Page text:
Model rocket propellant

Shortly after 9/11 ammonium perchlorate composite propellant (APCP) used in model rocketry and the shuttle boosters was listed as an explosive to be regulated by the BATF. What is odd about this is that APCP is a good rocket propellant because it is not explosive. The NY Times has an article about the issue with more spin than an electron. According to the article:

The proposed exemption grew out of complaints from rocket hobbyists who said the new regulations would essentially ground them by requiring many users of model rockets to register with the federal government and go through background checks before using certain regulated explosives to launch their rockets.

While registration, background checks, and submitting to random warrantless searches is a legitimate complaint, it is not the crux of the issue. What is really gounding the rocketry hobbyists is the inability to go to a launch event and obtain commercial engines. Now that the BATF considers rocket engines "explosives", a whole bunch of regulatory burdens come into play in regards to transporting, selling, and using rocket engines.

But the effort to lift those restrictions is now drawing sharp objections from several lawmakers and from the Justice Department, which warned that one version of the legislation would give terrorists the power to hit targets five miles away.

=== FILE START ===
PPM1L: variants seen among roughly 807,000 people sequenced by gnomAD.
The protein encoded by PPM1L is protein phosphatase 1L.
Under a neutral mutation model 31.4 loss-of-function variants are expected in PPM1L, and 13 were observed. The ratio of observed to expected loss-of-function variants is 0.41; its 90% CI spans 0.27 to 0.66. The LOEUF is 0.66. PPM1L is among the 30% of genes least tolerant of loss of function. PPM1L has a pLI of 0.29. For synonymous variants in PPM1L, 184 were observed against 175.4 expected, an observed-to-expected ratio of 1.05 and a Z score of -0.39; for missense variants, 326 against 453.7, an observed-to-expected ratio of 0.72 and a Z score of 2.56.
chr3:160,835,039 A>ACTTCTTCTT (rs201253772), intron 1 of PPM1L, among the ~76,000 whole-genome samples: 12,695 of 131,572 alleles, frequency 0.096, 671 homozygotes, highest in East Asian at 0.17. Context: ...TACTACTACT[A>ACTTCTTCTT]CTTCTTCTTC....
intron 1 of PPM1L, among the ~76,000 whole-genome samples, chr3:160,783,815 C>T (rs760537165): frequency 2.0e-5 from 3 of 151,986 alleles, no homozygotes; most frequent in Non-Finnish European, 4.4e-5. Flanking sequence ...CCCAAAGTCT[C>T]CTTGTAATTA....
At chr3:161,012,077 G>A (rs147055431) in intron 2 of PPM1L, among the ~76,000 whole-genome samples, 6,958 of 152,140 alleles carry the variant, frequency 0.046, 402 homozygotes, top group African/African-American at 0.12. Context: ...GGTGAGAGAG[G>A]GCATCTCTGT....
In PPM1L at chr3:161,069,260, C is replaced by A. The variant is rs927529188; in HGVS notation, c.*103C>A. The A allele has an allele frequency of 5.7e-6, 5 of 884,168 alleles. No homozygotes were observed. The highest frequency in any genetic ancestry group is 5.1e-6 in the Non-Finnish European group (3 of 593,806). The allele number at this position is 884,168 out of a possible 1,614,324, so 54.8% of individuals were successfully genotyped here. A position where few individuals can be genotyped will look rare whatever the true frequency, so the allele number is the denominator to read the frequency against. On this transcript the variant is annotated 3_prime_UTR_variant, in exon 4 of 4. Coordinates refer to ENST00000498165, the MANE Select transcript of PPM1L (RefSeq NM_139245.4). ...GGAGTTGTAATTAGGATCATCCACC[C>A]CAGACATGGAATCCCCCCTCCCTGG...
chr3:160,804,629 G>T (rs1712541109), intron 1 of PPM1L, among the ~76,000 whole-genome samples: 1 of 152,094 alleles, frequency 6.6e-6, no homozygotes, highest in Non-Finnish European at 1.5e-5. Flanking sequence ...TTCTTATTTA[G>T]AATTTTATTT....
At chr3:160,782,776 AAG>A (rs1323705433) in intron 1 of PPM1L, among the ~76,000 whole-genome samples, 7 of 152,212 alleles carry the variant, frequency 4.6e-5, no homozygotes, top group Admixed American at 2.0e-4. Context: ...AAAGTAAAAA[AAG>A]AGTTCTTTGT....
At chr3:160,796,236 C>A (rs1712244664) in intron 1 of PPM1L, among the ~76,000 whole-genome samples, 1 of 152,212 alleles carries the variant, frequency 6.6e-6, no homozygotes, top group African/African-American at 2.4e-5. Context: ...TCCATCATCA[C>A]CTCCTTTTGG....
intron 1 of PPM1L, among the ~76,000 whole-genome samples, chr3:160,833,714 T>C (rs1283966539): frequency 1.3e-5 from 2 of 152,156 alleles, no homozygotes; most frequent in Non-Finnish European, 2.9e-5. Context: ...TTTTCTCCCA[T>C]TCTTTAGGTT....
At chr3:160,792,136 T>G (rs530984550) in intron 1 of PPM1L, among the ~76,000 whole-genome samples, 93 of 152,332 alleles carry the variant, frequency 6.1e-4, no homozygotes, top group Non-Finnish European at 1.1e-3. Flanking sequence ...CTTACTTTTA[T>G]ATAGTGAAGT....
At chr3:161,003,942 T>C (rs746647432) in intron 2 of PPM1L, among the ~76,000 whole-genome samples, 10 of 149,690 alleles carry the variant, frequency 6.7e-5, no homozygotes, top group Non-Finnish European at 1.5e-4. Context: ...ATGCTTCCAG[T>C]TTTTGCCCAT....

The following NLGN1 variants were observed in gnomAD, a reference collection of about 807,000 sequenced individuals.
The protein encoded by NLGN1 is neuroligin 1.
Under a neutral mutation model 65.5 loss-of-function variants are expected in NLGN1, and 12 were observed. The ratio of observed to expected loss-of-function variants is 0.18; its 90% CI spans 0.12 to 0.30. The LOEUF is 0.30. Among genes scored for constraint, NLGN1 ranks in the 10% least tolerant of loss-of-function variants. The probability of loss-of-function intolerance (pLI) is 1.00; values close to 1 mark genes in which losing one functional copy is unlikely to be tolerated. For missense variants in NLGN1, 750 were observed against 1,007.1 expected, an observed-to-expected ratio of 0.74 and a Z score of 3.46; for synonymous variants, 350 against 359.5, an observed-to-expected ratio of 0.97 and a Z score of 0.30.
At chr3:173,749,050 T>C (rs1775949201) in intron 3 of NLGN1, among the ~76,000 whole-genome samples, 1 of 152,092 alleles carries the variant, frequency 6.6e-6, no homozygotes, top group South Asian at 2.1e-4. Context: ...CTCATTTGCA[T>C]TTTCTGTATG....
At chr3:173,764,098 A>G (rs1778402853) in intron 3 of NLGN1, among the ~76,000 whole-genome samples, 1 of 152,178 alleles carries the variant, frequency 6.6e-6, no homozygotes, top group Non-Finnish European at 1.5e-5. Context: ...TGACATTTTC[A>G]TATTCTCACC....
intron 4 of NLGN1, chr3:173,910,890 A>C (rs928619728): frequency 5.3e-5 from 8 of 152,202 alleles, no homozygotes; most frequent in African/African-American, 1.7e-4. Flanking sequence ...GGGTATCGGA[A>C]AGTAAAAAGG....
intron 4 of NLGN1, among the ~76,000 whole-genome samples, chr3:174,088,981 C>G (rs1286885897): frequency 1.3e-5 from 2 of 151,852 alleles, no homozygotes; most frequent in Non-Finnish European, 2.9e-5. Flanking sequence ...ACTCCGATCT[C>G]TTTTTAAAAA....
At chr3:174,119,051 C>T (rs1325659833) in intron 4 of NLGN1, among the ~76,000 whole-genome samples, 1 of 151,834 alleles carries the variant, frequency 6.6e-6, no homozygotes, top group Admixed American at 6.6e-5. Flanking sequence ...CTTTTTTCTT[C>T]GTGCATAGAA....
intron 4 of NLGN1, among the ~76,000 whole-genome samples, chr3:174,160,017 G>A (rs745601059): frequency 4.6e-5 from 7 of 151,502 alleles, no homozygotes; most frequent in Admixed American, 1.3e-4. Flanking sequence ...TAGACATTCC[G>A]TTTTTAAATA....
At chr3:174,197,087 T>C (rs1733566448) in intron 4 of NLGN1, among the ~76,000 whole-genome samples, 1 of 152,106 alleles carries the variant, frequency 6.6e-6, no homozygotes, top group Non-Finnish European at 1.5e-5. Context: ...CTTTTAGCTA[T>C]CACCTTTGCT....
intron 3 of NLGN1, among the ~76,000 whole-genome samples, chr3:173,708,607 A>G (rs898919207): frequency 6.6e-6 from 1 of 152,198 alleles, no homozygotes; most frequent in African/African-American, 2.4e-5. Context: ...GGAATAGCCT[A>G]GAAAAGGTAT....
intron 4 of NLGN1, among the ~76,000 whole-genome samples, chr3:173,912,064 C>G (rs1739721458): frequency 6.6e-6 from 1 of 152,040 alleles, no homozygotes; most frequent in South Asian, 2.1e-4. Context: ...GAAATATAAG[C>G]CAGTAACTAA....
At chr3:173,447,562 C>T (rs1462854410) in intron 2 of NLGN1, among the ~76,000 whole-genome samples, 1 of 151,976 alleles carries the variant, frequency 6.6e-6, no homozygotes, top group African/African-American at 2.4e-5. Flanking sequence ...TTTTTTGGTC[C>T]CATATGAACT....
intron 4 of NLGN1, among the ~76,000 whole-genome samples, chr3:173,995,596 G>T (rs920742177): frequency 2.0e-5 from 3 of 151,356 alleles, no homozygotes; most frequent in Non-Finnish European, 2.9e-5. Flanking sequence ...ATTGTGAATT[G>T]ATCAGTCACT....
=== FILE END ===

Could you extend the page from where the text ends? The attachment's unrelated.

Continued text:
Which is somehow worse than an SUV with a range of over 300 miles or a 767 with a range of thousands of miles?

Senators Charles E. Schumer, Democrat of New York, and Frank R. Lautenberg, Democrat of New Jersey, standing alongside a seven-foot-high model rocket at a news conference today, said the proposal would allow terrorists to exploit a loophole to gather explosive materials used in numerous bombings.

There is far more explosive energy in the typical kitchen.

The Justice Department, in a June 10 letter declaring that it "strongly opposed" lifting the restrictions, noted that APCP is classified as an explosive and is so powerful that it is used in the boosters for space shuttles.

Well APCP is a pretty good rocket propellant. APCP is used for the Shuttle specifically because it is safe and does not make a good bomb, pretty important factors for vehicles carrying test pilots, scientists, and congressmen. Also the fuel used in some radio-controlled aircraft is actually more powerful than the fuel used in military jets. Shall we restrict the sale of gasolines and kerosenes?

More importantly, is it really a good idea to limit and harass fledgling rocket scientists?

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